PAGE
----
In Roll Back The Years>, Edward Moogk (National Library of Canada, 1975) p.62 mentioned:
"There was no letup in the flood of new companies during 1917, and Toronto continued as the phonograph distribution capital. That year marked the debut in Canada of one of the great names in the industry. The Brunswick-Balke-Collender Company of Canada Limited opened a large factory and introduced the Brunswick phonograph ("not as an interesting mechanical achievement, but as a musical instrument") at the Canadian National Exhibition in its "All Phonographs in One" exhibit, where a million visitors were reported to have looked over the new entry. Although most of its plant was geared to manufacturing phonographs, the company announced that records would soon be on the way. Brunswick's first distributor was the Musical Merchandise Sales Co. at 80 York Street."
(the following image is from page 63)
Talking Machine World, October 15, 1922, p. 150: "The Brunswick-Balke-Collender Co., this city [Toronto], where the Brunswick phonographs are made for the Canadian trade, has just completed the construction and delivery of a superb period model Brunswick phonograph for one of the palatial homes in Vancouver. This instrument was sold through the Kent Piano Co., of that city. Complete details of design and carving were forwarded to the Brunswick factory."
Talking Machine World, December 15, 1924, p. 188: "Brunswick W. B. Puckett, president of Musical Merchanise Co., Ltd., has assumed the general management of the Brunswick-Balke Collender Co., of Canada, Ltd., with headquarters in this city. The latter organization is affiliated with the parent company, the Brunswick-Balke-Collender Co., of Chicago. Up to the present time the company manufactured for the Canadian maret at its factory on Hanna avenue, which plant was established in Canada in 1903, but its phonograph and record products were distributed by Musical Merchandise Co., Ltd., of which latter firm Mr. Puckett was president. The manufacturing end of the business remains unchanged but the distributing division is now to be amalgamated with the parent business and new office quarters and warerooms have been taken at 358 Bay Street, in which the stock and staff are now comfortably settled."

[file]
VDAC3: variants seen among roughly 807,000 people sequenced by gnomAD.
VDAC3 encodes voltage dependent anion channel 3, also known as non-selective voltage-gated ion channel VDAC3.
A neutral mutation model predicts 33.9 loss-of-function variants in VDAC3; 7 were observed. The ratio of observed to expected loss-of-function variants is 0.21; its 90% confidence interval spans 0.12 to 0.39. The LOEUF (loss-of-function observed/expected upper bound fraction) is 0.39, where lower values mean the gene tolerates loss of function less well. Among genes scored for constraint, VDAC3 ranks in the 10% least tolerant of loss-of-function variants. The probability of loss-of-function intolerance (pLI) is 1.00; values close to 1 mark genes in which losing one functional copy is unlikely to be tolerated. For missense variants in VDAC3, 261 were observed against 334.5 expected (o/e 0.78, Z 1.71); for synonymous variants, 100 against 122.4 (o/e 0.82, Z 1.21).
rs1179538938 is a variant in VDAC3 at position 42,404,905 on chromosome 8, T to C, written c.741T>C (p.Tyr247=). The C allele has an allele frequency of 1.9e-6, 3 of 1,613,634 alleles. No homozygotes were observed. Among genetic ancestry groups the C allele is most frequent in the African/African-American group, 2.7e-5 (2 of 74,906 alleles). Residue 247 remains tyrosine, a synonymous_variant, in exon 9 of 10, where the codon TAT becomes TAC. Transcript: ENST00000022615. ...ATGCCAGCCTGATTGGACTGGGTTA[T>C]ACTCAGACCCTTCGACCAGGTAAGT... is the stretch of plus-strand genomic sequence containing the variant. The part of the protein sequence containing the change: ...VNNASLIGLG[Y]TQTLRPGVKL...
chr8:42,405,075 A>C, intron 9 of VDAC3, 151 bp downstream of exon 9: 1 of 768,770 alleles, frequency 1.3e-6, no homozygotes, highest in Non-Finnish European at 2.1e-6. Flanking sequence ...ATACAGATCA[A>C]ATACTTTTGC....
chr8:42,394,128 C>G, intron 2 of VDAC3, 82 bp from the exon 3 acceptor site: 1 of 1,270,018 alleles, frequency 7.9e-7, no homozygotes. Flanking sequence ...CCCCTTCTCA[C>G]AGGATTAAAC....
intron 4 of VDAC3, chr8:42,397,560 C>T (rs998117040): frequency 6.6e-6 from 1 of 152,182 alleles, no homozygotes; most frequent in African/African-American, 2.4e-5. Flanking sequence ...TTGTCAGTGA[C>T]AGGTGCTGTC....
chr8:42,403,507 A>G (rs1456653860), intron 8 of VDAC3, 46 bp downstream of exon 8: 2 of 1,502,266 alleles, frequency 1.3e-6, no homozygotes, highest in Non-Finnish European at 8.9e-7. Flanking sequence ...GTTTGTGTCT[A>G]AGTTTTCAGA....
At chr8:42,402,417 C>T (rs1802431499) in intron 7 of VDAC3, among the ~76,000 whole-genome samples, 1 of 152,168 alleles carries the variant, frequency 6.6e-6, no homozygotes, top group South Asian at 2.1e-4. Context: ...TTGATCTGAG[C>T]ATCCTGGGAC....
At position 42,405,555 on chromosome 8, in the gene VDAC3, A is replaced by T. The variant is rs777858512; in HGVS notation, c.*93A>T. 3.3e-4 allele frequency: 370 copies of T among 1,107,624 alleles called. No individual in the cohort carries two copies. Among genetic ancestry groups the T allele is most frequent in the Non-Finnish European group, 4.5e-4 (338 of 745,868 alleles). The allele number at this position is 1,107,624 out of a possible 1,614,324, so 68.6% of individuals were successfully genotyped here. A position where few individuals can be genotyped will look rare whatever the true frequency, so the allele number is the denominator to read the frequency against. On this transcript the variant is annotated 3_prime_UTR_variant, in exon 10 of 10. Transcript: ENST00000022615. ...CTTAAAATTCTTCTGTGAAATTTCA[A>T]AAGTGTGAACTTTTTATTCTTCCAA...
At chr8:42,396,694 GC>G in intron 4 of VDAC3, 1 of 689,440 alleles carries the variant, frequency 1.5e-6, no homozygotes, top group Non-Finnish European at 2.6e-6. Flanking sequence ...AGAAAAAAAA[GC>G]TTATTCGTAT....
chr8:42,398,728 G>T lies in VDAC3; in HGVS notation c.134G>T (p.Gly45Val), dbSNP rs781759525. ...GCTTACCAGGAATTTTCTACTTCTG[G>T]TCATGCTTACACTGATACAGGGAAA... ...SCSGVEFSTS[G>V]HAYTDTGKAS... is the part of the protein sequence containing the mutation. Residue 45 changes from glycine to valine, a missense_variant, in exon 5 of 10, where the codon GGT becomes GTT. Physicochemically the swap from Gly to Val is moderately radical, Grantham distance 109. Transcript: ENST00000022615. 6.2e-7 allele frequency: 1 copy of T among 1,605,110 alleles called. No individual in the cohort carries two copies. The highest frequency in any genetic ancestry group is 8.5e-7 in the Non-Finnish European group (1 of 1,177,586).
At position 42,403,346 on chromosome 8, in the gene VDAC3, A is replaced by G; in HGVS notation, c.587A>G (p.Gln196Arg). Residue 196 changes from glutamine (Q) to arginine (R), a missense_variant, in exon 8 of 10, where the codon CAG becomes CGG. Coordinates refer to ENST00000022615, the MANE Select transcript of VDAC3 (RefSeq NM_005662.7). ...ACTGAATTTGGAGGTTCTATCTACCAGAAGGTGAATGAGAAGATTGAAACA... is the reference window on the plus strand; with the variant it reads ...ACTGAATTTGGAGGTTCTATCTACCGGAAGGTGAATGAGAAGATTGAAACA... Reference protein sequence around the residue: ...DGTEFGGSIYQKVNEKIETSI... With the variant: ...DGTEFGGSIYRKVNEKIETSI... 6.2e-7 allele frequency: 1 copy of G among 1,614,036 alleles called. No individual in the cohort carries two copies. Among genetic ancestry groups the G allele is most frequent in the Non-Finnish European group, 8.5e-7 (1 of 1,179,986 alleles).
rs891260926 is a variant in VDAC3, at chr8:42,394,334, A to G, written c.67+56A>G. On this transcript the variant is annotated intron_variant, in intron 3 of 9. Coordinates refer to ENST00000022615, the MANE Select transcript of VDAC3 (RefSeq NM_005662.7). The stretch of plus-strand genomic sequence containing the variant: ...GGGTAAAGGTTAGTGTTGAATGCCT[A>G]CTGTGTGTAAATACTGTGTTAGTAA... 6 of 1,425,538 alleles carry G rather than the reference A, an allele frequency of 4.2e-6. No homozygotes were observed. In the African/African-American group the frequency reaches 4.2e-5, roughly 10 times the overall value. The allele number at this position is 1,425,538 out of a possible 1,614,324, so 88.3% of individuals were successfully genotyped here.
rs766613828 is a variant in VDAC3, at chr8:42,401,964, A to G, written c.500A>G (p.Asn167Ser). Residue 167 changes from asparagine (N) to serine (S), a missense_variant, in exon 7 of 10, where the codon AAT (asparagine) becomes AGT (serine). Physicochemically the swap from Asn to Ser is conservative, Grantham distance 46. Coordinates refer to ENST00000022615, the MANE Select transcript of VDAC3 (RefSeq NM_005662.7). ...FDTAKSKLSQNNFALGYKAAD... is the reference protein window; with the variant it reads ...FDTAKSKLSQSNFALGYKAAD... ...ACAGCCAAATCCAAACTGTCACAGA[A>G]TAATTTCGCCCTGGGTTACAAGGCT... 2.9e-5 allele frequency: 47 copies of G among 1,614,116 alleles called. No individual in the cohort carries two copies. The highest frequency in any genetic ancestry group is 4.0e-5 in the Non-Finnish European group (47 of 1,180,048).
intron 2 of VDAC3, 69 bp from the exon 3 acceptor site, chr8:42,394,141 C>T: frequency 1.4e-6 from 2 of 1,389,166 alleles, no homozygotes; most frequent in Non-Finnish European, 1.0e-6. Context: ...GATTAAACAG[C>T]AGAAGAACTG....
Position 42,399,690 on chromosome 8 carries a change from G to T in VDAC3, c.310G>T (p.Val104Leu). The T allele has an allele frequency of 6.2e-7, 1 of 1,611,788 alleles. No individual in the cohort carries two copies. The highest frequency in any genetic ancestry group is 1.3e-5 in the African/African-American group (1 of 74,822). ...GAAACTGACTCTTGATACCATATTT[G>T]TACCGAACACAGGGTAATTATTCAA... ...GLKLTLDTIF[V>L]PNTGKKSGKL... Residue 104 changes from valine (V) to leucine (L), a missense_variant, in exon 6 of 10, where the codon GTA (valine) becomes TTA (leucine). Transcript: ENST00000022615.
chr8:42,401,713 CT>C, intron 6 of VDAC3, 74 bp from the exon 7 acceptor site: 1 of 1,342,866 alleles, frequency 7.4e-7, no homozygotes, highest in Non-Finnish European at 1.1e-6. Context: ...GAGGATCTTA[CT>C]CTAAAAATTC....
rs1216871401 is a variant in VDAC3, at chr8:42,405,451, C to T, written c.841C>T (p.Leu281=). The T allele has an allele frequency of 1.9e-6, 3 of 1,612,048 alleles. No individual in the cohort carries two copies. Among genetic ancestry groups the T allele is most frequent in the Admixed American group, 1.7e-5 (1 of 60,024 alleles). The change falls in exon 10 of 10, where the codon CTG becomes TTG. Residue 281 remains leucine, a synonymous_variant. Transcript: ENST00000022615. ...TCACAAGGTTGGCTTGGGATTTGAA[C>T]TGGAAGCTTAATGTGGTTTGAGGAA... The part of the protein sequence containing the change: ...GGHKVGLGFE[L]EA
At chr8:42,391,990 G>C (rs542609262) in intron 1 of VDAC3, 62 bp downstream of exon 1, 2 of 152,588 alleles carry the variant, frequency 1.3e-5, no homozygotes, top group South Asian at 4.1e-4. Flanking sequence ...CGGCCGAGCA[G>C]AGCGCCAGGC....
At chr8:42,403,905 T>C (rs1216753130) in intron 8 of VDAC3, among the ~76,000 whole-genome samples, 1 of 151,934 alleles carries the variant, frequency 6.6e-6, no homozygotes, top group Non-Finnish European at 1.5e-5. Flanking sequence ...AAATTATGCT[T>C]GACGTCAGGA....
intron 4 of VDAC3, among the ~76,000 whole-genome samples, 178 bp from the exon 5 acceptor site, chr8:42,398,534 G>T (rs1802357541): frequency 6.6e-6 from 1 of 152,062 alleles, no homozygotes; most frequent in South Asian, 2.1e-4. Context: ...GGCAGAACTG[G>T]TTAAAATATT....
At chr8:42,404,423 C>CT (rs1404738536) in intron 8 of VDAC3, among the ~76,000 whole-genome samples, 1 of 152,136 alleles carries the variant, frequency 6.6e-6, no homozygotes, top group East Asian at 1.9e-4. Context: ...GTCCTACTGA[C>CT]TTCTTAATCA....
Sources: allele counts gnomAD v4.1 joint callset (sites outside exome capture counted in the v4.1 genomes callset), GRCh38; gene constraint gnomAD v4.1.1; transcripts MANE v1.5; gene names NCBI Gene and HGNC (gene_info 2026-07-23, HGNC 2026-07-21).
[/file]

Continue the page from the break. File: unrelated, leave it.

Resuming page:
Billboard for Brunswick Phonographs and Records at Brunswick Hall, 228 Yonge Street, Toronto. A York model phonograph is featured. Source: Toronto Public Library, Fonds 1488; E.L. Ruddy Company fonds.
This machine was for sale at an outdoor antique show May 2009, southern Ontario (photos by KW):
On the Brantola page Betty Pratt noted the following for 'Frank Stanley': "Wayne Kelly's book, Downright Upright p. 120 says that Stanley took over the Cecilian Piano Co. in 1922, but then went out of business two years later when Mason & Risch bought out their stock. I have an address for Stanley Piano factory at 121-135 De Grassi St., and store at 14 Temperance St., Toronto on an illustrated pamphlet. Another letterhead from Frank Stanley Oct. 1920, says they are agents for Brunswick Phonographs and Records at 241 Yonge St."
Betty Minaker-Pratt contributes the following:
Arthur Zimmerman and I visited Archives of Ontario (AO), Companies Branch, Provincial Secretary where we found the first mention of Brunswick head office at 70 King St. west, licensed to operate in Ontario from the company in Cincinnati, Dec. 1906. Attached is the letterhead showing their start making billiard tables, bowling alley equipment, bar fixtures, Feb 15, 1909 (AO, Companies Branch, BP, AZ). [detail]